SOUTH PORTLAND — Two weeks after the Aug. 7 deadline for compliance with the city’s short-term rental regulations, officials said they aren’t sure how many property owners are still in violation.

South Portland voters last November enacted rules limiting the proliferation of short-term vacation rentals. The City Council now must decide what to do about property owners who violate the rules. Portland Press Herald

City Clerk Emily Scully said she planned to meet with Corporate Counsel Sally Daggett Thursday to discuss the situation. Daggett, who is compiling the data, had been on vacation for two weeks, Scully said.

City Manager Scott Morelli said the City Council is expected to meet privately with Daggett on Tuesday, Aug. 27 to discuss the city’s next steps.

He said councilors will go over what responses have been received, note how many violations are still outstanding and discuss what legal action can be taken against who are not in compliance.

Violations could cost property owners $1,000 a day for a first offense and a fine of $1,500 per day for each additional offense.

Scully said some properties in violation may have applied to register, but were denied and have continued to rent despite the ordinance. Other violators, she said, have failed to meet building and fire safety code requirements.

She said two rounds of warning letters were sent in mid-July to owners of 62 properties that were advertised as short-term rentals without being registered with the city. As of July 29, the most recent date figures were available, 17 properties were in violation of the ordinance. Forty-five rentals had been registered and licensed since Jan. 1.

The errant property owners had until Aug. 7 to comply with the rules. Scully said owners in violation were asked to either cease operations or register their properties by the deadline.

“Any sort of enforcement action needs to go before City Council to be decided, and our attorney will recommend the next course of action,” Morelli said. “We may go forward with court action and fines, but if a consent decree can be reached, that would be preferable.”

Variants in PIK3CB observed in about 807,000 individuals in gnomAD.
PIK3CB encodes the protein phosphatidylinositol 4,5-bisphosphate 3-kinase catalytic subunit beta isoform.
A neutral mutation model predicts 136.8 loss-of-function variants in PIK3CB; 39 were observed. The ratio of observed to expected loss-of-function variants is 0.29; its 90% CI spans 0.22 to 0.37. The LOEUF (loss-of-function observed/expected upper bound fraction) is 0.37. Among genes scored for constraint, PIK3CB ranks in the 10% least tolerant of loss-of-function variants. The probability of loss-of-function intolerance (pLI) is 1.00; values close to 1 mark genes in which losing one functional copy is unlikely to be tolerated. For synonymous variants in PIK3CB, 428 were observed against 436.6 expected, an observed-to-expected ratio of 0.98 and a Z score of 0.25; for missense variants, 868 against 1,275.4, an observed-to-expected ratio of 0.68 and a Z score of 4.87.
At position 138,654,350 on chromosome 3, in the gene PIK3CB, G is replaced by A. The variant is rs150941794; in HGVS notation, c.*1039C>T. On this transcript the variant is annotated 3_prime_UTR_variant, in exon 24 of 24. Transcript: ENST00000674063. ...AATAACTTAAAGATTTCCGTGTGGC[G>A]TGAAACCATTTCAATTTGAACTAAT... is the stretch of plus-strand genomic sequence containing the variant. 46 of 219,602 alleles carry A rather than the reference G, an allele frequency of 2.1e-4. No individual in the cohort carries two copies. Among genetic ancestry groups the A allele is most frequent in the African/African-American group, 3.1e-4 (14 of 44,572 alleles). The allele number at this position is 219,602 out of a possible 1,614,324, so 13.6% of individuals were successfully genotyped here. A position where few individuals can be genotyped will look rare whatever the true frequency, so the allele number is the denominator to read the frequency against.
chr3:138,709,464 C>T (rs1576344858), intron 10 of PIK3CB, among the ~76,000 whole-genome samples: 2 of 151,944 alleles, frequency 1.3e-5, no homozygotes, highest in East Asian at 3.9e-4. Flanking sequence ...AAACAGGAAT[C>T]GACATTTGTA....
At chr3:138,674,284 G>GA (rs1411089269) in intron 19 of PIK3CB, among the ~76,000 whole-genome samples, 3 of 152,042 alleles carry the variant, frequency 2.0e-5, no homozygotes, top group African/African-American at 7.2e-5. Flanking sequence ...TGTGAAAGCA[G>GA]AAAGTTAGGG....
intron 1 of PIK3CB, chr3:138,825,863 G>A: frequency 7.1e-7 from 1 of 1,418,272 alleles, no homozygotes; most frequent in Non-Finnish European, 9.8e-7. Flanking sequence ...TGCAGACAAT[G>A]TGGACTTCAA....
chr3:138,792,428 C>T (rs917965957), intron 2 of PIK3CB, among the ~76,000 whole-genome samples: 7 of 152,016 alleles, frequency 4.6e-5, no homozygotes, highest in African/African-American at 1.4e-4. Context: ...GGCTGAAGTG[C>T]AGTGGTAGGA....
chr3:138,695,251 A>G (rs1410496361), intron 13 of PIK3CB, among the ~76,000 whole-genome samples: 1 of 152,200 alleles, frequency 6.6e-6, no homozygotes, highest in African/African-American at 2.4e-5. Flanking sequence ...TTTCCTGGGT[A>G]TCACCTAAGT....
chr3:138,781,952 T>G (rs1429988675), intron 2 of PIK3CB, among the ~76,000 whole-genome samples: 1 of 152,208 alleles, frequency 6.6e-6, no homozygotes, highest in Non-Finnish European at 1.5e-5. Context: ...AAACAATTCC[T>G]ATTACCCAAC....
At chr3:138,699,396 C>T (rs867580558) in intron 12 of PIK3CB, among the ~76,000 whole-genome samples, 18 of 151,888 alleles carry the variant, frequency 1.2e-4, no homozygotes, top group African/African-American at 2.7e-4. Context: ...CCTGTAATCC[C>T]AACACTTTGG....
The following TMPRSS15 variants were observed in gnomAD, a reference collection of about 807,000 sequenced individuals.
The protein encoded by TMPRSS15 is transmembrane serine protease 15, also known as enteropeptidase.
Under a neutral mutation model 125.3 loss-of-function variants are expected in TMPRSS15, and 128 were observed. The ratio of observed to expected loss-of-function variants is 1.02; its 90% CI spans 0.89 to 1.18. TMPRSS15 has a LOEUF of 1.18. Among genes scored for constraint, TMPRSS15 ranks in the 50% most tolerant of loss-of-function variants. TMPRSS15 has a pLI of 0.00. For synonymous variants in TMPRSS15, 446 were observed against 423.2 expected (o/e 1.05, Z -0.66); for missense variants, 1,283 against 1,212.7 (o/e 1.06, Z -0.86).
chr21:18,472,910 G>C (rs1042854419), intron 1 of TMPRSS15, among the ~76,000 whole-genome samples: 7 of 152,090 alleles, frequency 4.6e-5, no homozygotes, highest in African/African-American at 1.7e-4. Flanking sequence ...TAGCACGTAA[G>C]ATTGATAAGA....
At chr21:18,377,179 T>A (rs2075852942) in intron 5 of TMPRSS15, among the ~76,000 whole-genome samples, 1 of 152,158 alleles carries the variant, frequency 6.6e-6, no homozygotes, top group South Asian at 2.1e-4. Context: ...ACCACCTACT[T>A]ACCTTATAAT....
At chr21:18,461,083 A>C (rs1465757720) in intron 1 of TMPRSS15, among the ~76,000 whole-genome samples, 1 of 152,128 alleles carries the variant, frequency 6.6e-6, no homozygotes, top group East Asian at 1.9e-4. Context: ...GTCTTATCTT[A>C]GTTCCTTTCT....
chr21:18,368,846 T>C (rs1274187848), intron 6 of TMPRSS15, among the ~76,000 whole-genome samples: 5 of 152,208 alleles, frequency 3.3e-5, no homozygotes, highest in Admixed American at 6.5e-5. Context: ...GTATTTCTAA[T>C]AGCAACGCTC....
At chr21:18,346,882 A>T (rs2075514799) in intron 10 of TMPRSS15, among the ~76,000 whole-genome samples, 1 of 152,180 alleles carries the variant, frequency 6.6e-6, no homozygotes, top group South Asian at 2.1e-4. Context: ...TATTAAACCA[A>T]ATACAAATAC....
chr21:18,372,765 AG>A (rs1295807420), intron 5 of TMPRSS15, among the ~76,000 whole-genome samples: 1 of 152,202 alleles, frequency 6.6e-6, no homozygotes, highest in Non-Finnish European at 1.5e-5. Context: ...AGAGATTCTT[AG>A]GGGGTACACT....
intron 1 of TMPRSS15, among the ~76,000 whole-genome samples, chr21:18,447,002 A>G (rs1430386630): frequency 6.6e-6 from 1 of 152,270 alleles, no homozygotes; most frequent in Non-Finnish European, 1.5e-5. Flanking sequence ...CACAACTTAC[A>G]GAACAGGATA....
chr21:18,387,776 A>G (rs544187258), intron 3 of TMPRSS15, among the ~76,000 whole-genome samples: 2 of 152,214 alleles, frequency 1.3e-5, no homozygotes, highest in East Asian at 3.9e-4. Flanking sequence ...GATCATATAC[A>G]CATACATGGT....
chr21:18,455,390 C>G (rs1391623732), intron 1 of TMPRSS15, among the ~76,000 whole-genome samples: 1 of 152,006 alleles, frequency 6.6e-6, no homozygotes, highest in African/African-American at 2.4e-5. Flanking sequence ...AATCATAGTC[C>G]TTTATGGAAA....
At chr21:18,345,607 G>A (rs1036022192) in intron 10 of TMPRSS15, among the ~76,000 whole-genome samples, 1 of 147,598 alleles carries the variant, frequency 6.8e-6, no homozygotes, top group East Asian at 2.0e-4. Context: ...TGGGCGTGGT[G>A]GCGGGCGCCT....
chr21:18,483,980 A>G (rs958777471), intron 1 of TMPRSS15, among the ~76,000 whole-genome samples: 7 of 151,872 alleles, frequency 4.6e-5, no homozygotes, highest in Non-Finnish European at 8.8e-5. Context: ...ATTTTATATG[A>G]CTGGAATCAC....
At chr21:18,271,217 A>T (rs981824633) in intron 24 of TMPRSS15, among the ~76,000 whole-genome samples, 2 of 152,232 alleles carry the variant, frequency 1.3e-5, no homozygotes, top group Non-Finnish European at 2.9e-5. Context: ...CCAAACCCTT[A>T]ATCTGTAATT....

Assistant City Manager Josh Reny said a consent decree would be ideal because if the owners are willing to acknowledge their wrongdoing and work with the city to find a solution, they can avoid the court process.

“The problem is, there are varying degrees of violation,” Reny said. “Some people may have made an application to be registered, but while it’s pending they’re listing the property. Others may not have attempted to register at all.”

Reny said some opponents of the regulations believed their property rights were being infringed upon, but he believes the new rules have been effective.

He said the number of registrations has steadily increased, with current and pending registrations exceeding the number of outstanding violations.

The regulations, first discussed in February 2018, ban unhosted rentals of less than 30 days in residential zones. Critics have said these temporary home stays, promoted on websites such as Airbnb and HomeAway, helped to drive up homes prices in the city’s eastern neighborhood and put pressure on long-term rental prices.

Last year, according to Airbnb, the average South Portland host made $8,000 from renting their home for an average of 36 nights a year.

Voters approved the ordinance changes in a referendum last November.

The city allows hosted short-term rentals of  two adult guests per bedroom, with a maximum of six guests per house. Non-hosted home stays are permitted in non-residential zones for periods of at least seven consecutive days, but fewer than 30 consecutive days; guests may stay for less than the minimum, provided that the rental unit remains vacant until the end of the minimum stay period.

Registrations for hosted and non-hosted home stays are valid for one year, and must be renewed on an annual basis. Advertisements for allowable short-term rentals must include city-issued registration numbers.

Director of Code Enforcement Barb Skelton said annual licenses cost $200 for hosted rentals and $400 for unhosted rentals, in addition to a $100 fire safety inspection fee and a $20 processing fee.

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